Disease detection platform maps Zika fast -- with surprising accuracy

Disease detection platform maps Zika fast -- with surprising accuracy

It used to be that to track a spreading disease, the toolbox included Google search and knowing where to look, said Sumiko Mekaru, who heads up the HealthMap project at Epidemico. There was not enough time to track down and analyze relevant information to predict where a disease would go next, let alone conduct any significant preventative measures -- especially in places without many resources, she explained.

Researchers had to work with “little bits of info about infectious disease outbreaks and events,” some of which came from official reports and others were local news reports, Mekaru said. “For anyone tasked for outbreaks or pandemic preparedness, that wasn’t a realistic way to efficiently track disease.”

HealthMap, an online tool for early outbreak detection, aims to fix that.

Epidemico, a Booz Allen Hamilton subsidiary, has strategic collaborations with the Food and Drug Administration, the U.S. Agency for International Development, the Defense Department the Centers for Disease Control and Prevention and the World Health Organization (WHO). It has contributed to global public health through demonstrated early detection of critical outbreaks, including the ongoing Zika outbreak and recent Ebola outbreak, according to ACT-IAC, which awarded it the Game Changer award at its recent Igniting Innovation conference.

It automatically aggregates more than 200,000 data sources and uses natural language processing and proprietary algorithms to tag, filter, analyze, validate and map real-time surveillance of emerging public health threats.

“The platform pulls in a ton of different articles that analyze where, when, how, who. And then it winnows it down to the ones that are actually current breaking news. That’s what goes on the map. Most of those reports are legit.”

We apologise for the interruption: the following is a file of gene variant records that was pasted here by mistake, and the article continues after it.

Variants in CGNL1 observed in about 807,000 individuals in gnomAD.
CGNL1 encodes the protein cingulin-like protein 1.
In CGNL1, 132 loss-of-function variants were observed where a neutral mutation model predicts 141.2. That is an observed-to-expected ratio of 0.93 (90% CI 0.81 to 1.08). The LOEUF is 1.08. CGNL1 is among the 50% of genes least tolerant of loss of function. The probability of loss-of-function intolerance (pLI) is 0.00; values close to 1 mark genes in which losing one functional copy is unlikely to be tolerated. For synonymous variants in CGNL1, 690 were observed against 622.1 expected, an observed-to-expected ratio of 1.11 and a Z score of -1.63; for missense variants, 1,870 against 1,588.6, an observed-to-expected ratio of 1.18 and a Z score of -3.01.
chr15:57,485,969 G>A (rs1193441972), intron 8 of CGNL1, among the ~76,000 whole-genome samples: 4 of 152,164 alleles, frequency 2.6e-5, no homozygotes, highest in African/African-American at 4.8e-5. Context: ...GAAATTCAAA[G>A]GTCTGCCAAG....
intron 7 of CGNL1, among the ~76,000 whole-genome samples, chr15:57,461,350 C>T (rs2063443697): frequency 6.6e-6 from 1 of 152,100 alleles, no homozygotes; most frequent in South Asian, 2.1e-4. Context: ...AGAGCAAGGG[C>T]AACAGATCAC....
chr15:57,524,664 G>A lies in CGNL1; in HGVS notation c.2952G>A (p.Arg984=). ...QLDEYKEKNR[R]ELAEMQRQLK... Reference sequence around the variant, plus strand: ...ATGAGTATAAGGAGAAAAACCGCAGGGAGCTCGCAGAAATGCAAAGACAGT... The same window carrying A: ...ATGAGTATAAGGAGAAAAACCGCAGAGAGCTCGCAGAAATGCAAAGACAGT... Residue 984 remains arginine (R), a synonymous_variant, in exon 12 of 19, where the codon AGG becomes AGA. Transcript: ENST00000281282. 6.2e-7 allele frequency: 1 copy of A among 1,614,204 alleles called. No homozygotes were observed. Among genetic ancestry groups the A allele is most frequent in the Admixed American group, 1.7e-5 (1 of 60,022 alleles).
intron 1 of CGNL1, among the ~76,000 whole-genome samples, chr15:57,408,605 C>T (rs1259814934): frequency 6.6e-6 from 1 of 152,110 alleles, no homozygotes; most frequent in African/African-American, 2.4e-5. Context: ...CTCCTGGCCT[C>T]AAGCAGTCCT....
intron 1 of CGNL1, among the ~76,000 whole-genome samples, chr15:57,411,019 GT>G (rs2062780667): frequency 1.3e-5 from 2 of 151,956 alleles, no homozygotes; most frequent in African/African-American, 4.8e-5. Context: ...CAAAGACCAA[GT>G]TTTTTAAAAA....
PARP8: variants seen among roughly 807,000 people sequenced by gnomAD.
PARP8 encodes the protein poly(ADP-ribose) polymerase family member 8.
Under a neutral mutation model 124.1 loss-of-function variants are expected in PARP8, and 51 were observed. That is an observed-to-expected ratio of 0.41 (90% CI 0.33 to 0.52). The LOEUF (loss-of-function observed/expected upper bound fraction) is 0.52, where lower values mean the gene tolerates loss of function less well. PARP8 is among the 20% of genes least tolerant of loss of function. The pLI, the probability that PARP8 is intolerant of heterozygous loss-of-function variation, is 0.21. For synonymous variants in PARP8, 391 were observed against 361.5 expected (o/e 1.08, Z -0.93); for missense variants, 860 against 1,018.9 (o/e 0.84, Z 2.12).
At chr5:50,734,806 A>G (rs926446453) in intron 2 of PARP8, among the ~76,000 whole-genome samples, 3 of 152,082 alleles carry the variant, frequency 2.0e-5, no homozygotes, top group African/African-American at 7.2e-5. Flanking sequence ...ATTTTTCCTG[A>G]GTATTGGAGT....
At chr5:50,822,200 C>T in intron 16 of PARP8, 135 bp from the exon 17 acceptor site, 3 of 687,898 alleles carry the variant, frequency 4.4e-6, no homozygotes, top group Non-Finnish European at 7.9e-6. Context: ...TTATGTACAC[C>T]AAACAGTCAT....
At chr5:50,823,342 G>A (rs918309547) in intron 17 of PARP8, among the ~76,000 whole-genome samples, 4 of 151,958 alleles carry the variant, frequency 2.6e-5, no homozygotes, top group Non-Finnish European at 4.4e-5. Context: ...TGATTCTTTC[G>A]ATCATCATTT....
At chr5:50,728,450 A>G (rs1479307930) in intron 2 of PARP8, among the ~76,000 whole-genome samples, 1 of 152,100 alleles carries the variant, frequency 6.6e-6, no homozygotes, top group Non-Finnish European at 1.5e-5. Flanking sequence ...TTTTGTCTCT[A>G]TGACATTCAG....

And when sources aren’t legit or relevant? Mekaru cited a 96 percent accuracy rating with HealthMap’s current filters, but she admitted filters sometimes pull in the wrong items. And news outlets do make mistakes, so Mekaru's team tries to review everything that goes on the map.

“Pretty much anything you see on the website,” is intended to be reviewed, she said. Epidemico uses public health students as paid interns to review the information. “The reason we do this is not just because we don’t want incorrect things in the map. We also do it because every time we catch a mistake, it improves the system.”

And what about conflicting reports -- for example, a local news story that says there are a number of Zika cases in a country but a government press release saying no Zika has been found?  Mekaru said HealthMap’s goal is to paint the whole picture. “I have five newspapers and a local ministry of health saying we’re worried about Ebola and a national ministry saying we haven’t seen any evidence,” we put it all up. As long as it isn’t blatantly malicious, she said, they include it on the map.

Pouvez-vous dire Zika en français?